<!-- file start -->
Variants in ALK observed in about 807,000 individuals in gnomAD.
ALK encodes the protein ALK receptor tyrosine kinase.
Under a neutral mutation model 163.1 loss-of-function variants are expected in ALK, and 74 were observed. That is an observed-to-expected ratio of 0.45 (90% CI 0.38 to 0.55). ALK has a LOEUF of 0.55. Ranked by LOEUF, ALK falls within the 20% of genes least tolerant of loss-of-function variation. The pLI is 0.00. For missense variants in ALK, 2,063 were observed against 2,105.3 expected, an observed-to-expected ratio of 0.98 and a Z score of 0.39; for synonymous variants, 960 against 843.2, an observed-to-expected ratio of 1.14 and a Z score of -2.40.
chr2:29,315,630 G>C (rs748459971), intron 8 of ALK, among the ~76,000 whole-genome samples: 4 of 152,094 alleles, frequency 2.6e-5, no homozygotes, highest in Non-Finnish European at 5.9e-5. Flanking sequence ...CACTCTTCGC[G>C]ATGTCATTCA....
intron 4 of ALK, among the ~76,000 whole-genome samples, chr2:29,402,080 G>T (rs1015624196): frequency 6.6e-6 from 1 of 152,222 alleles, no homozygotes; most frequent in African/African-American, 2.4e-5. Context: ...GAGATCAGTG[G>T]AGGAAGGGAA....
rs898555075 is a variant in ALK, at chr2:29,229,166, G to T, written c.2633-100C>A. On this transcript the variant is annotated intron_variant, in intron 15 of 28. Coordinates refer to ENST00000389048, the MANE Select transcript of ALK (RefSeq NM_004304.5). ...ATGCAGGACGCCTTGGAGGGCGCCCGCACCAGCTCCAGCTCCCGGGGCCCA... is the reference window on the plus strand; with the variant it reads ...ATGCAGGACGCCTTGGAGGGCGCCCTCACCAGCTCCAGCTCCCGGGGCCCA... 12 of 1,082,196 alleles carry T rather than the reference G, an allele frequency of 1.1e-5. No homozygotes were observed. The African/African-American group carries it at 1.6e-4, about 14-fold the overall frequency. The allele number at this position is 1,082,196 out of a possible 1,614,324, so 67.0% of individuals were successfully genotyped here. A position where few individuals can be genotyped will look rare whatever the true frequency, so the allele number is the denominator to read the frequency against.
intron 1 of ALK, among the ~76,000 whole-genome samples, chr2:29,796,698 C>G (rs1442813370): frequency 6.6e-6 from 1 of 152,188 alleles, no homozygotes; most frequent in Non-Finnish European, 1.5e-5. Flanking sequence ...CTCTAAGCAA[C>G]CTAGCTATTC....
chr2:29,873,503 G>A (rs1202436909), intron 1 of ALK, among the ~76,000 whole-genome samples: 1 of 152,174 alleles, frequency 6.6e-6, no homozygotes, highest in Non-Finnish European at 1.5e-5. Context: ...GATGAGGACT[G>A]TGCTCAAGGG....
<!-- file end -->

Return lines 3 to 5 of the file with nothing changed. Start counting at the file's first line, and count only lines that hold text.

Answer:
Under a neutral mutation model 163.1 loss-of-function variants are expected in ALK, and 74 were observed. That is an observed-to-expected ratio of 0.45 (90% CI 0.38 to 0.55). ALK has a LOEUF of 0.55. Ranked by LOEUF, ALK falls within the 20% of genes least tolerant of loss-of-function variation. The pLI is 0.00. For missense variants in ALK, 2,063 were observed against 2,105.3 expected, an observed-to-expected ratio of 0.98 and a Z score of 0.39; for synonymous variants, 960 against 843.2, an observed-to-expected ratio of 1.14 and a Z score of -2.40.
chr2:29,315,630 G>C (rs748459971), intron 8 of ALK, among the ~76,000 whole-genome samples: 4 of 152,094 alleles, frequency 2.6e-5, no homozygotes, highest in Non-Finnish European at 5.9e-5. Flanking sequence ...CACTCTTCGC[G>C]ATGTCATTCA....
intron 4 of ALK, among the ~76,000 whole-genome samples, chr2:29,402,080 G>T (rs1015624196): frequency 6.6e-6 from 1 of 152,222 alleles, no homozygotes; most frequent in African/African-American, 2.4e-5. Context: ...GAGATCAGTG[G>T]AGGAAGGGAA....